Boris Johnson warned US won't support free trade pact if UK breaks Good Friday Agreement for Brexit

Boris Johnson has been warned that the US will not support any free trade pact with the UK if it fails to uphold its commitments to Northern Ireland as part of Brexit.

The UK Internal Market Bill cleared its first Commons hurdle on Monday despite deep misgivings by some senior Tories. Amendments to the Northern Ireland provisions are expected to emerge in the Commons next week.

Four US congressmen, led by chairman of the House Foreign Affairs Committee Eliot Engel, have written to Prime Minister Mr Johnson urging the Government to respect its open border and peace process with Northern Ireland.

They wrote: “Many in the United States and in Congress consider the issues of the Good Friday Agreement and a potential US-UK Free Trade Agreement inextricably linked.

“With the issues raised in this letter in mind, we therefore urge you to abandon any and all legally questionable and unfair efforts to flout the Northern Ireland protocol of the Withdrawal Agreement and look to ensure that Brexit negotiations do not undermine the decades of progress to bring peace to Northern Ireland and future options for the bilateral relationship between our two countries.”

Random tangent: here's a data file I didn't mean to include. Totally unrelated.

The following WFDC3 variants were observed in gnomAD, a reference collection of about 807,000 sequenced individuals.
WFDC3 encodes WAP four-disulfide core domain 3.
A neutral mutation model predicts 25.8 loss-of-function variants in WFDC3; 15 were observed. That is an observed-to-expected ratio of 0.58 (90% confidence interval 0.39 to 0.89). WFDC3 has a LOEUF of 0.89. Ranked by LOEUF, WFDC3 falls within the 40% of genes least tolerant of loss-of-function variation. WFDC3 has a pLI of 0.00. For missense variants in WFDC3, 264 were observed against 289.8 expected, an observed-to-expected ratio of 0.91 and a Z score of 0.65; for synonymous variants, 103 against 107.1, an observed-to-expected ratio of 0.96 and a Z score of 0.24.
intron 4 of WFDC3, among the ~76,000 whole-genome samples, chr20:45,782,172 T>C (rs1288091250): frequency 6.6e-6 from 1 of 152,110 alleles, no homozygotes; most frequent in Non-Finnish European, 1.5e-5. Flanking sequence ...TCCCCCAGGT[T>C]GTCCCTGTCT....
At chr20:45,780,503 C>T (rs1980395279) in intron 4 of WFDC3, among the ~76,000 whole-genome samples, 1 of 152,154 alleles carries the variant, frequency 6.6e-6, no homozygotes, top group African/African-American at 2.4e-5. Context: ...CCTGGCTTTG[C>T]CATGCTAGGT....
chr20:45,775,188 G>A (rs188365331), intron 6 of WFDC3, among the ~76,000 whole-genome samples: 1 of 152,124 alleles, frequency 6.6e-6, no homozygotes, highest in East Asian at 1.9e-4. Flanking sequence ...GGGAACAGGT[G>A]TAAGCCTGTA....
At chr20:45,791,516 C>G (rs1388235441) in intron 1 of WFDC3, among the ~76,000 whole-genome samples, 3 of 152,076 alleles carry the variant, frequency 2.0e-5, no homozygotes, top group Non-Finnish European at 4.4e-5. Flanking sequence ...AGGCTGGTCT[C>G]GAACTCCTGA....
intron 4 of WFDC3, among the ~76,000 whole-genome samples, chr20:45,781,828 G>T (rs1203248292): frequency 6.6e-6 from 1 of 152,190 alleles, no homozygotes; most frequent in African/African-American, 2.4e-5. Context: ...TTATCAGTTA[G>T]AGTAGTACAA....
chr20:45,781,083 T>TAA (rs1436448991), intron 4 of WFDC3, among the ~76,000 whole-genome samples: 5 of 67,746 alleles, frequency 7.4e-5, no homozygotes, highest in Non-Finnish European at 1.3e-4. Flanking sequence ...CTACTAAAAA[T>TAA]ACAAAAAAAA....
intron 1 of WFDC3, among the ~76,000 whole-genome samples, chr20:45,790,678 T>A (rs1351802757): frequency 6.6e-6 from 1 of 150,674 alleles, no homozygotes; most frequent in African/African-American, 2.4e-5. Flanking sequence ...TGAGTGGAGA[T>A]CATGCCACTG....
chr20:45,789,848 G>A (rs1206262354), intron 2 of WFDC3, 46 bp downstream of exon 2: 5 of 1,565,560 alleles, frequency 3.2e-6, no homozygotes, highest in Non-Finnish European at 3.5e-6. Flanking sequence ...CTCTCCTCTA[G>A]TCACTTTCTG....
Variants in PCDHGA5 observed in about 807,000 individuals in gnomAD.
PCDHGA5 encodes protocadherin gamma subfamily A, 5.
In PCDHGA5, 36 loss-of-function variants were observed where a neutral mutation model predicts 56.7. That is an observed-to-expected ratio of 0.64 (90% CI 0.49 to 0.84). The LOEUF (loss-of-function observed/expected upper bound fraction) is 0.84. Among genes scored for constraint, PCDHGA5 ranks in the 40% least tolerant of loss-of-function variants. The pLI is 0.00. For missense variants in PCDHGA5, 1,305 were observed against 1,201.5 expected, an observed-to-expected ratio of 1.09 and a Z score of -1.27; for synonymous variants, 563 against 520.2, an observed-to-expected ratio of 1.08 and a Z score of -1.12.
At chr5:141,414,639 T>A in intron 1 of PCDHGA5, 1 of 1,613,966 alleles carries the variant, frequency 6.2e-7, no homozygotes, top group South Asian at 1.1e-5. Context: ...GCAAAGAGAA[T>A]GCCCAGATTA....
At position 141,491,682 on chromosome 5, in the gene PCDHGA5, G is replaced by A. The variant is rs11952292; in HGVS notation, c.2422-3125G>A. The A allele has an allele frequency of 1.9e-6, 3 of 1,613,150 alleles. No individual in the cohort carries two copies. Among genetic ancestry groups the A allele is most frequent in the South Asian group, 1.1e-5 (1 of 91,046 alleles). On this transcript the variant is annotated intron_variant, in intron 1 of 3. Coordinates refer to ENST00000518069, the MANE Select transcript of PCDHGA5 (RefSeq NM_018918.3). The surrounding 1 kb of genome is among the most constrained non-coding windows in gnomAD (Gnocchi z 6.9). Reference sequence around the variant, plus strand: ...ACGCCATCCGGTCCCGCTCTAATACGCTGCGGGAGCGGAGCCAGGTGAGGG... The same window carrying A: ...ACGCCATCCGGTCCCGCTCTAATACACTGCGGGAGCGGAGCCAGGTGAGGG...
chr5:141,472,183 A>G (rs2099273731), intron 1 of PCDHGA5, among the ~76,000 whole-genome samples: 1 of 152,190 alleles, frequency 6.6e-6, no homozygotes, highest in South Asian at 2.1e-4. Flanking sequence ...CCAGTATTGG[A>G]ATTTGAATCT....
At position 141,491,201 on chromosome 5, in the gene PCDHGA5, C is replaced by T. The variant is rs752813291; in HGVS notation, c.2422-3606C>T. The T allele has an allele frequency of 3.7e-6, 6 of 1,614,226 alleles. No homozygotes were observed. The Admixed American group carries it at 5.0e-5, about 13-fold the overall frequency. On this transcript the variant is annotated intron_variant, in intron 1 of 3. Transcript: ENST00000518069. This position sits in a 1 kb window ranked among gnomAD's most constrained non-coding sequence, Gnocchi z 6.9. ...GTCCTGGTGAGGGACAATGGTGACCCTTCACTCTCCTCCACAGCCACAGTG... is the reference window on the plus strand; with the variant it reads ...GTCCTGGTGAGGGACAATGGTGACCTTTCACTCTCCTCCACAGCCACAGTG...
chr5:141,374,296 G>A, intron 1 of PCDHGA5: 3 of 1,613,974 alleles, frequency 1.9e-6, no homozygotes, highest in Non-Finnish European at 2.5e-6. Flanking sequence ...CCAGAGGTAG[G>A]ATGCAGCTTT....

The letter, which was also signed by Mr Engel’s fellow Democrats Richard Neal and William Keating as well as Republican Peter King, comes less than a week after Nancy Pelosi said there would be “absolutely no chance” of a US-UK trade deal if Mr Johnson overrides the Brexit deal with Brussels.

The Speaker of the US House of Representatives said the American Congress would never pass an economic agreement that it felt could “imperil” the Northern Ireland peace accord.

Ministers have admitted the proposed Internal Market Bill will breach international law. However, they argue the new proposed legislation is necessary to protect the Northern Ireland peace process if London and Brussels are unable to agree a free trade deal before the current Brexit transition period runs out at the end of the year.

Evening Standard – News